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Biofuels, Bioproducts and Biorefining ; 17(1):71-96, 2023.
Article in English | Scopus | ID: covidwho-2244630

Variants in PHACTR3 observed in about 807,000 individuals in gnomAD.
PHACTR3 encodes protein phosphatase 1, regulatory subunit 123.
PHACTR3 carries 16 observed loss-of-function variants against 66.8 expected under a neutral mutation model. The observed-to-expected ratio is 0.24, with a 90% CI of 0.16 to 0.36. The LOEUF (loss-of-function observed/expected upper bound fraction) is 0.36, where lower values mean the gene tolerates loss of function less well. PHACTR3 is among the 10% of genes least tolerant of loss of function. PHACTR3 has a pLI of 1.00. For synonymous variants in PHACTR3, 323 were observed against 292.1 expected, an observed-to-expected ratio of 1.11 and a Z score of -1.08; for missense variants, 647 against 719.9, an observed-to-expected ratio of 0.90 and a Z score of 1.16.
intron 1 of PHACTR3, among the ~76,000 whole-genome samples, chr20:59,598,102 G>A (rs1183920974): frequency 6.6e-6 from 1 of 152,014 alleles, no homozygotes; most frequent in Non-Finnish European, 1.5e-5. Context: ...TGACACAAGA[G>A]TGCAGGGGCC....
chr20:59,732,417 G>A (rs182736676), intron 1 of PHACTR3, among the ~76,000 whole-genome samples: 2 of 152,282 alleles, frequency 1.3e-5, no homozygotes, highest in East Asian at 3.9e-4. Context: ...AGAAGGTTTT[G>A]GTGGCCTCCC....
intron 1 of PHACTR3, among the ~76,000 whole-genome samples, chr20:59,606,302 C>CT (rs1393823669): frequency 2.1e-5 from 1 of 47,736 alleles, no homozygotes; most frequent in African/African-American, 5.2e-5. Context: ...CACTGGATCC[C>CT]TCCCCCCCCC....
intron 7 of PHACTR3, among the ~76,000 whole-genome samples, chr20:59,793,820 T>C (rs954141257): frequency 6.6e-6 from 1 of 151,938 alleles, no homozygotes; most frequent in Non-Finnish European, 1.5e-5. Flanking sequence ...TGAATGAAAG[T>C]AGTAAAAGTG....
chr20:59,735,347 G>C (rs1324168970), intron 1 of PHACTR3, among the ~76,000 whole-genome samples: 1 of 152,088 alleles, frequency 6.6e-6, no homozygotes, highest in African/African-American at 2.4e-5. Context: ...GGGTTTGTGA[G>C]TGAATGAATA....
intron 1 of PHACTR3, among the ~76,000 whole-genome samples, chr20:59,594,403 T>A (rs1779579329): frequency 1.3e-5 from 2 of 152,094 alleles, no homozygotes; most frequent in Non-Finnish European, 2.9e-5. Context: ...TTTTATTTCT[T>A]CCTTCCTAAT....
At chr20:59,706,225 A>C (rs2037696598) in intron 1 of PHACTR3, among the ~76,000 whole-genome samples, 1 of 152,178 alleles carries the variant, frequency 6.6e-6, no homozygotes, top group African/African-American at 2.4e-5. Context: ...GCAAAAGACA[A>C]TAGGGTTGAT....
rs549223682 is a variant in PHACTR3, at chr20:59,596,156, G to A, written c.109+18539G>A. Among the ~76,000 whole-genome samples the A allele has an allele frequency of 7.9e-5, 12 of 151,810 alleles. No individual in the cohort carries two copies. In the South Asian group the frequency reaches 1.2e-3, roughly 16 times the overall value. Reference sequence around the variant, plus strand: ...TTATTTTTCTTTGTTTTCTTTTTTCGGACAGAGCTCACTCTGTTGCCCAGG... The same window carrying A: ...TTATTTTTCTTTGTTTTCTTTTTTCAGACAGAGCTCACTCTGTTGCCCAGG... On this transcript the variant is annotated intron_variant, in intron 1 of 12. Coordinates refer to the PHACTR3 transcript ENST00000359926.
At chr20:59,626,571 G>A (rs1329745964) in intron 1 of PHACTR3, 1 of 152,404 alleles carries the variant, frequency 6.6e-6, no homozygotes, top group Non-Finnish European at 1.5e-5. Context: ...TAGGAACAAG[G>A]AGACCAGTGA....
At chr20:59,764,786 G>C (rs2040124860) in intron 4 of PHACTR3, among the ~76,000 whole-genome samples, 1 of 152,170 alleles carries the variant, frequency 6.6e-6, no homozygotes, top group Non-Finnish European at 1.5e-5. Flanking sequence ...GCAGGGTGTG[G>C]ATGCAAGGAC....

In recent years, the production and consumption of fossil jet fuel have increased as a consequence of a rise in the number of passengers and goods transported by air. Despite the low demand caused by the coronavirus 2019 pandemic, an increase in the services offered by the sector is expected again. In an economic context still dependent on scarce oil, this represents a problem. There is also a problem arising from the fuel's environmental impact throughout its life cycle. Given this, a promising solution is the use of biojet fuel as renewable aviation fuel. In a circular economy framework, the use of lignocellulosic biomass in the form of sugar-rich crop residues allows the production of alcohols necessary to obtain biojet fuel. The tools provided by process intensification also make it possible to design a sustainable process with low environmental impact and capable of achieving energy savings. The goal of this work was to design an intensified process to produce biojet fuel from Mexican lignocellulosic biomass, with alcohols as intermediates. The process was modeled following a sequence of pretreatment/hydrolysis/fermentation/purification for the biomass-ethanol process, and dehydration/oligomerization/hydrogenation/distillation for ethanol-biojet process under the concept of distributed configuration. To obtain a cleaner, greener, and cheaper process, the purification zone of ethanol was intensified by employing a vapor side stream distillation column and a dividing wall column. Once designed, the entire process was optimized by employing the stochastic method of differential evolution with a tabu list to minimize the total annual cost and with the Eco-indicator-99 to evaluate the sustainability of the process. The results show that savings of 5.56% and a reduction of 1.72% in Eco-indicator-99 were achieved with a vapor side stream column in comparison with conventional distillation. On the other hand, with a dividing wall column, savings of 5.02% and reductions of 2.92% in Eco-indicator-99 were achieved. This process is capable of meeting a demand greater than 266 million liters of biojet fuel per year. However, the calculated sale price indicates that this biojet fuel still does not compete with conventional jet fuel produced in Mexico. © 2022 Society of Chemical Industry and John Wiley & Sons, Ltd. © 2022 Society of Chemical Industry and John Wiley & Sons, Ltd.